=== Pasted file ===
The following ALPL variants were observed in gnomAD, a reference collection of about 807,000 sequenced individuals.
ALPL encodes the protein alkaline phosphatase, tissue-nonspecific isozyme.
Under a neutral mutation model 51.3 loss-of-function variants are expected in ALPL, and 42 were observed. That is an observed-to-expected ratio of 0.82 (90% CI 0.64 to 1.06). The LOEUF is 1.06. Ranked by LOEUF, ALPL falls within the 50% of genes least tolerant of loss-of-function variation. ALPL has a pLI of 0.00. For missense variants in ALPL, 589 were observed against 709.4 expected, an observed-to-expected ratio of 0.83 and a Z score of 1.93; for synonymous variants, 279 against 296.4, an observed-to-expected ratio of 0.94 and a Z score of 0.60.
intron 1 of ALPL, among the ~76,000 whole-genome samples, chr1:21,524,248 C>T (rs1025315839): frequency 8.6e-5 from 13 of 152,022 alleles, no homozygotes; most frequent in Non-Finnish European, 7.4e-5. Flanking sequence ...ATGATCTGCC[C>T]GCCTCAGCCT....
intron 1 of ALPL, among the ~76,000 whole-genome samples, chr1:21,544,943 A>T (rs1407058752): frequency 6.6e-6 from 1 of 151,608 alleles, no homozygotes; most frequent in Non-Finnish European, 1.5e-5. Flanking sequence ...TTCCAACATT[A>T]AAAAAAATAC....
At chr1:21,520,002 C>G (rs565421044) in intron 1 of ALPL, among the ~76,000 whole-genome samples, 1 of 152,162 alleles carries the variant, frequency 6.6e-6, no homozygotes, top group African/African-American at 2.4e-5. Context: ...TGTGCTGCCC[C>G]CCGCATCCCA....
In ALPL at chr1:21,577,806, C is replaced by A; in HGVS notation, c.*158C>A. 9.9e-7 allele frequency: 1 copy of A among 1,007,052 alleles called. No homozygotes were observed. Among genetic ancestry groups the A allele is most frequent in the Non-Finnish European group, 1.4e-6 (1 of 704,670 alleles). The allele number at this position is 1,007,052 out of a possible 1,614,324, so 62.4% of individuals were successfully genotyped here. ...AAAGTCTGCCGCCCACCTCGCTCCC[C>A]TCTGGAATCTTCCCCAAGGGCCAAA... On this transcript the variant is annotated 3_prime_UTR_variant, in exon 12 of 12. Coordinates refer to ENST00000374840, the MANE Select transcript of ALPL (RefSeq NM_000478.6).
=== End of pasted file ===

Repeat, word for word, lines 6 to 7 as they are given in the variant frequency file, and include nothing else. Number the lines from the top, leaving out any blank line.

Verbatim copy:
At chr1:21,520,002 C>G (rs565421044) in intron 1 of ALPL, among the ~76,000 whole-genome samples, 1 of 152,162 alleles carries the variant, frequency 6.6e-6, no homozygotes, top group African/African-American at 2.4e-5. Context: ...TGTGCTGCCC[C>G]CCGCATCCCA....
In ALPL at chr1:21,577,806, C is replaced by A; in HGVS notation, c.*158C>A. 9.9e-7 allele frequency: 1 copy of A among 1,007,052 alleles called. No homozygotes were observed. Among genetic ancestry groups the A allele is most frequent in the Non-Finnish European group, 1.4e-6 (1 of 704,670 alleles). The allele number at this position is 1,007,052 out of a possible 1,614,324, so 62.4% of individuals were successfully genotyped here. ...AAAGTCTGCCGCCCACCTCGCTCCC[C>A]TCTGGAATCTTCCCCAAGGGCCAAA... On this transcript the variant is annotated 3_prime_UTR_variant, in exon 12 of 12. Coordinates refer to ENST00000374840, the MANE Select transcript of ALPL (RefSeq NM_000478.6).